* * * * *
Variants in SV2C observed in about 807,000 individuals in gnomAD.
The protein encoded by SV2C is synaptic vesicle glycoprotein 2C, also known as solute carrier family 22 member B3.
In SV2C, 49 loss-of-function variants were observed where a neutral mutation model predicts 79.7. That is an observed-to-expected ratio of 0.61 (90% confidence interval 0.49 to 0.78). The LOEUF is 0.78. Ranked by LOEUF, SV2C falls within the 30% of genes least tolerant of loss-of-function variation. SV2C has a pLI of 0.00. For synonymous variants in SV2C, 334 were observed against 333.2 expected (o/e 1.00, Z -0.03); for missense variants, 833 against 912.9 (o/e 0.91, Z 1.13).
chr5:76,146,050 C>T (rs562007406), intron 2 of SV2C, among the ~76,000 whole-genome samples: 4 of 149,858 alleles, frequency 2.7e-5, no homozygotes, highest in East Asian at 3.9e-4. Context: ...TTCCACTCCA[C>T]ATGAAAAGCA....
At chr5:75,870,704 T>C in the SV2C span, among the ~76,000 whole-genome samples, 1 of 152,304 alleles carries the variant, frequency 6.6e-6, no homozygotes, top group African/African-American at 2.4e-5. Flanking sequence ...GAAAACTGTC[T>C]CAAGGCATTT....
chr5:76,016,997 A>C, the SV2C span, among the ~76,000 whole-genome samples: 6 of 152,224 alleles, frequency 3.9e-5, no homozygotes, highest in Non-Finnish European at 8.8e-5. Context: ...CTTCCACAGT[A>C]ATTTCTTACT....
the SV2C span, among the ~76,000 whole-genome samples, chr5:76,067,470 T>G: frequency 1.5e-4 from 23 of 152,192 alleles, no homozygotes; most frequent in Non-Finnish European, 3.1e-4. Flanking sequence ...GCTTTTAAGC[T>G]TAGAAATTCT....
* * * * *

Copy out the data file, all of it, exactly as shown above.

Variants in SV2C observed in about 807,000 individuals in gnomAD.
The protein encoded by SV2C is synaptic vesicle glycoprotein 2C, also known as solute carrier family 22 member B3.
In SV2C, 49 loss-of-function variants were observed where a neutral mutation model predicts 79.7. That is an observed-to-expected ratio of 0.61 (90% confidence interval 0.49 to 0.78). The LOEUF is 0.78. Ranked by LOEUF, SV2C falls within the 30% of genes least tolerant of loss-of-function variation. SV2C has a pLI of 0.00. For synonymous variants in SV2C, 334 were observed against 333.2 expected (o/e 1.00, Z -0.03); for missense variants, 833 against 912.9 (o/e 0.91, Z 1.13).
chr5:76,146,050 C>T (rs562007406), intron 2 of SV2C, among the ~76,000 whole-genome samples: 4 of 149,858 alleles, frequency 2.7e-5, no homozygotes, highest in East Asian at 3.9e-4. Context: ...TTCCACTCCA[C>T]ATGAAAAGCA....
At chr5:75,870,704 T>C in the SV2C span, among the ~76,000 whole-genome samples, 1 of 152,304 alleles carries the variant, frequency 6.6e-6, no homozygotes, top group African/African-American at 2.4e-5. Flanking sequence ...GAAAACTGTC[T>C]CAAGGCATTT....
chr5:76,016,997 A>C, the SV2C span, among the ~76,000 whole-genome samples: 6 of 152,224 alleles, frequency 3.9e-5, no homozygotes, highest in Non-Finnish European at 8.8e-5. Context: ...CTTCCACAGT[A>C]ATTTCTTACT....
the SV2C span, among the ~76,000 whole-genome samples, chr5:76,067,470 T>G: frequency 1.5e-4 from 23 of 152,192 alleles, no homozygotes; most frequent in Non-Finnish European, 3.1e-4. Flanking sequence ...GCTTTTAAGC[T>G]TAGAAATTCT....